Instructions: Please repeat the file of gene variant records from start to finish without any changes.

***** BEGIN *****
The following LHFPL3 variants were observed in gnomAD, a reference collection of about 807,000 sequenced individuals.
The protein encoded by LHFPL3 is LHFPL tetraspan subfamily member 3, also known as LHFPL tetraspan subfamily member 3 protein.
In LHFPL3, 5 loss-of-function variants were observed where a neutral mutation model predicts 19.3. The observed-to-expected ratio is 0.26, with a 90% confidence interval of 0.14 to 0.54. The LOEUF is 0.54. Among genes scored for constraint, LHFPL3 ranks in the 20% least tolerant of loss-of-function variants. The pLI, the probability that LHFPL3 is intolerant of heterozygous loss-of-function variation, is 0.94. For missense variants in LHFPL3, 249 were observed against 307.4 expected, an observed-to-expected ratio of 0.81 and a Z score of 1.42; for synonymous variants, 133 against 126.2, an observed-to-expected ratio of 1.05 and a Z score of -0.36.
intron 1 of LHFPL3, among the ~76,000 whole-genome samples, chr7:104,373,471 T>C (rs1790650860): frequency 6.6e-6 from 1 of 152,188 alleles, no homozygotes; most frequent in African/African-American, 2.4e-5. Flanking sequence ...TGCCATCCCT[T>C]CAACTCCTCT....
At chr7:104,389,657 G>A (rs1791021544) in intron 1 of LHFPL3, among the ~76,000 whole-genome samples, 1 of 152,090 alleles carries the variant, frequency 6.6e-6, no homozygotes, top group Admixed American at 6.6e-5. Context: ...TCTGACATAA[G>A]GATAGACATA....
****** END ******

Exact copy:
The following LHFPL3 variants were observed in gnomAD, a reference collection of about 807,000 sequenced individuals.
The protein encoded by LHFPL3 is LHFPL tetraspan subfamily member 3, also known as LHFPL tetraspan subfamily member 3 protein.
In LHFPL3, 5 loss-of-function variants were observed where a neutral mutation model predicts 19.3. The observed-to-expected ratio is 0.26, with a 90% confidence interval of 0.14 to 0.54. The LOEUF is 0.54. Among genes scored for constraint, LHFPL3 ranks in the 20% least tolerant of loss-of-function variants. The pLI, the probability that LHFPL3 is intolerant of heterozygous loss-of-function variation, is 0.94. For missense variants in LHFPL3, 249 were observed against 307.4 expected, an observed-to-expected ratio of 0.81 and a Z score of 1.42; for synonymous variants, 133 against 126.2, an observed-to-expected ratio of 1.05 and a Z score of -0.36.
intron 1 of LHFPL3, among the ~76,000 whole-genome samples, chr7:104,373,471 T>C (rs1790650860): frequency 6.6e-6 from 1 of 152,188 alleles, no homozygotes; most frequent in African/African-American, 2.4e-5. Flanking sequence ...TGCCATCCCT[T>C]CAACTCCTCT....
At chr7:104,389,657 G>A (rs1791021544) in intron 1 of LHFPL3, among the ~76,000 whole-genome samples, 1 of 152,090 alleles carries the variant, frequency 6.6e-6, no homozygotes, top group Admixed American at 6.6e-5. Context: ...TCTGACATAA[G>A]GATAGACATA....